German SIG #Germany Re: Questions about Jewish culture #germany
Christine:toggle quoted messageShow quoted text
You can ask just about anything here. This is a group of people doing
research on German Jews, not a group of German Jews doing research.
Uncle/niece marriage is unusual in my experience, but there's a case of
it in my extended kinship (early 19thC). The only effect I know of and
that crops up with regularity is widespread confusion among later
generations of genealogists; beyond that I don't know where one would
get modern data for such a study. Such marriages are legal in many
places, but probably not widespread anywhere that reliable vital data
across multiple generations can be found. You're right, though: in
terms of kinship/genetic distance, uncle/niece and aunt/nephew marriages
are between sibling and first-cousin marriages.
As to naming conventions: the rule among Ashkenazim (German and Eastern
European Jews) generally pertains only to ancestors. Given the size of
families back then, one would run out of names pretty quickly if one had
to come up with a different one for each member of a set of cousins, for
instance. So someone named Abraham could well have had a nephew with
the same name.
Especially in the period surrounding surname-adoption (i.e., 1790s to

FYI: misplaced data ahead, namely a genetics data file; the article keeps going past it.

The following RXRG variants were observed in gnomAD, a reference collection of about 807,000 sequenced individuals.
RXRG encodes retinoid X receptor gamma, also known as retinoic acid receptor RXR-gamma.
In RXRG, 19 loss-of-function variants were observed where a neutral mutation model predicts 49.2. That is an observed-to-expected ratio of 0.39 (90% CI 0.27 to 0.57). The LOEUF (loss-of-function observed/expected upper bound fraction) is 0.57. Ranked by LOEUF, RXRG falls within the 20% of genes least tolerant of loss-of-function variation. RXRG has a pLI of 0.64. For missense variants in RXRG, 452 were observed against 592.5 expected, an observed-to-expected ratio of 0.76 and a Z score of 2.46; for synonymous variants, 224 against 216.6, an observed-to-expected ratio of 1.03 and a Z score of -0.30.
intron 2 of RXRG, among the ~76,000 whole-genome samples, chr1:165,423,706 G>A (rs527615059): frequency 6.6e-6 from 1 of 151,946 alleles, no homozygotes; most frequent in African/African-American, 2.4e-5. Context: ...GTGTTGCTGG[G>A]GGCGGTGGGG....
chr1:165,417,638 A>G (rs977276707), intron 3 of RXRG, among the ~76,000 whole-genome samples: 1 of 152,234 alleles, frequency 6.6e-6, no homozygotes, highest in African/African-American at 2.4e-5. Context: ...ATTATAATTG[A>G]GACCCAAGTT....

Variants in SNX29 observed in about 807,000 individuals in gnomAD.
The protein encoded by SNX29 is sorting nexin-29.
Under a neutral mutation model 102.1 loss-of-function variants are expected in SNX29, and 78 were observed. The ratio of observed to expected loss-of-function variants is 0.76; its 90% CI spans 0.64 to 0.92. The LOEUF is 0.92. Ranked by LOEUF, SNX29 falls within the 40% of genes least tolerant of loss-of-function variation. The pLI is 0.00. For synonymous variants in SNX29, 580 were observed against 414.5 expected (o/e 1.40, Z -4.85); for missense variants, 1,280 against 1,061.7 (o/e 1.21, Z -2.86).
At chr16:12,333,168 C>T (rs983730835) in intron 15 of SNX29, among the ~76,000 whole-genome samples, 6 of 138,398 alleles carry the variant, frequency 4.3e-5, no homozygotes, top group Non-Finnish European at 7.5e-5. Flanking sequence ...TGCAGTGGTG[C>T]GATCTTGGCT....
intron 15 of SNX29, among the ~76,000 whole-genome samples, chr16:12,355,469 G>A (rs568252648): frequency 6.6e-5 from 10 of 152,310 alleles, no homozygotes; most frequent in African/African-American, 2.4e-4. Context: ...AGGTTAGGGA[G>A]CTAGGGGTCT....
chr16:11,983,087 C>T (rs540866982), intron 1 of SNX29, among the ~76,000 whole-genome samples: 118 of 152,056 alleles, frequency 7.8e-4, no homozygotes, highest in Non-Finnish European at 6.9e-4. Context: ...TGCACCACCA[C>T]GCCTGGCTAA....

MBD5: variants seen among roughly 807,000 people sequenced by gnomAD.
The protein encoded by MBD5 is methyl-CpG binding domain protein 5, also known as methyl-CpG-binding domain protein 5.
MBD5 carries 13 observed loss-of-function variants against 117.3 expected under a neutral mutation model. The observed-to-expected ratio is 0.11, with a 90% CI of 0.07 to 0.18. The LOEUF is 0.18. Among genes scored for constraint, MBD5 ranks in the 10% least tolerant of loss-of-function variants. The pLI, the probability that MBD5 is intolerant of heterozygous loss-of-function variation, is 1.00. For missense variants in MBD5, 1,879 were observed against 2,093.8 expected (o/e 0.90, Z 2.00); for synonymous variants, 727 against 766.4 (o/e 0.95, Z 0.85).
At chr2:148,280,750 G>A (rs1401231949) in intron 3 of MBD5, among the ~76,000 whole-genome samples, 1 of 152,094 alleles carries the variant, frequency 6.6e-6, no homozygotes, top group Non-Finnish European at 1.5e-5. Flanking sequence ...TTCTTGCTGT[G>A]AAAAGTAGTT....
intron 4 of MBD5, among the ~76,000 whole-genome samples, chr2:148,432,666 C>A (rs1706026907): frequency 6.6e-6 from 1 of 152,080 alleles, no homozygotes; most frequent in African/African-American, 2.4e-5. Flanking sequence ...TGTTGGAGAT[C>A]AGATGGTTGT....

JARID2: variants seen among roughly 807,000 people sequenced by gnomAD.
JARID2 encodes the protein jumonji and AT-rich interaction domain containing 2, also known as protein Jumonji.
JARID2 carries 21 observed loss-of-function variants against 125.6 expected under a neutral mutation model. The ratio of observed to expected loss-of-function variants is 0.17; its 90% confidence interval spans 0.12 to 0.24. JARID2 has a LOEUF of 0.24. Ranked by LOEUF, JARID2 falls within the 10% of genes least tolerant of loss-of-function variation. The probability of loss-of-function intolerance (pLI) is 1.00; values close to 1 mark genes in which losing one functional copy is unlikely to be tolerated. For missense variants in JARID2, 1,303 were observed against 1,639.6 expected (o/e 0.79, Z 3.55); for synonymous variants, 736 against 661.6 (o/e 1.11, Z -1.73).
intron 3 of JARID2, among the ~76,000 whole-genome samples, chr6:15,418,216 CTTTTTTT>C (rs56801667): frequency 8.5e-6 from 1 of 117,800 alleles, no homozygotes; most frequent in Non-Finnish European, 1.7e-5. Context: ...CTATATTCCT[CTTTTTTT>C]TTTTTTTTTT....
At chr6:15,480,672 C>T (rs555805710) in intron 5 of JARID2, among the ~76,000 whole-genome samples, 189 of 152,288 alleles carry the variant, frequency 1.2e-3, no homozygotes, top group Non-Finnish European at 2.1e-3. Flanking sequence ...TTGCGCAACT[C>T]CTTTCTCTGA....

1850s, say) but also before and after, one runs into Jews with Hebrew
names unrelated to their civil names, even if those civil names are
Biblical. For instance, my 3g-gfather Salomon LUSTIG could have named a
son Salomon/Schlomo because his Hebrew name was Nathaniel. (He didn't,
as it happens.) Another 3g-gf, Salomon TROPLOWITZ, had a father who
appeared in many documents as Salomon Jacob T. Only when we found the
elder man's burial record did we discover that his name was actually
Scholim. In both cases, the likeliest explanation is that they chose
civil names that the authorities and neighbors would be familiar with
and would have little trouble spelling or saying. Welcome aboard!
Roger Lustig Princeton, NJ Research co-ordinator, GerSIG
On 8/8/2010 9:46 PM, Christine Crawford-Oppenheimer wrote:
Although my husband's great-grandfather, Leo OPPENHEIMER, was Jewish,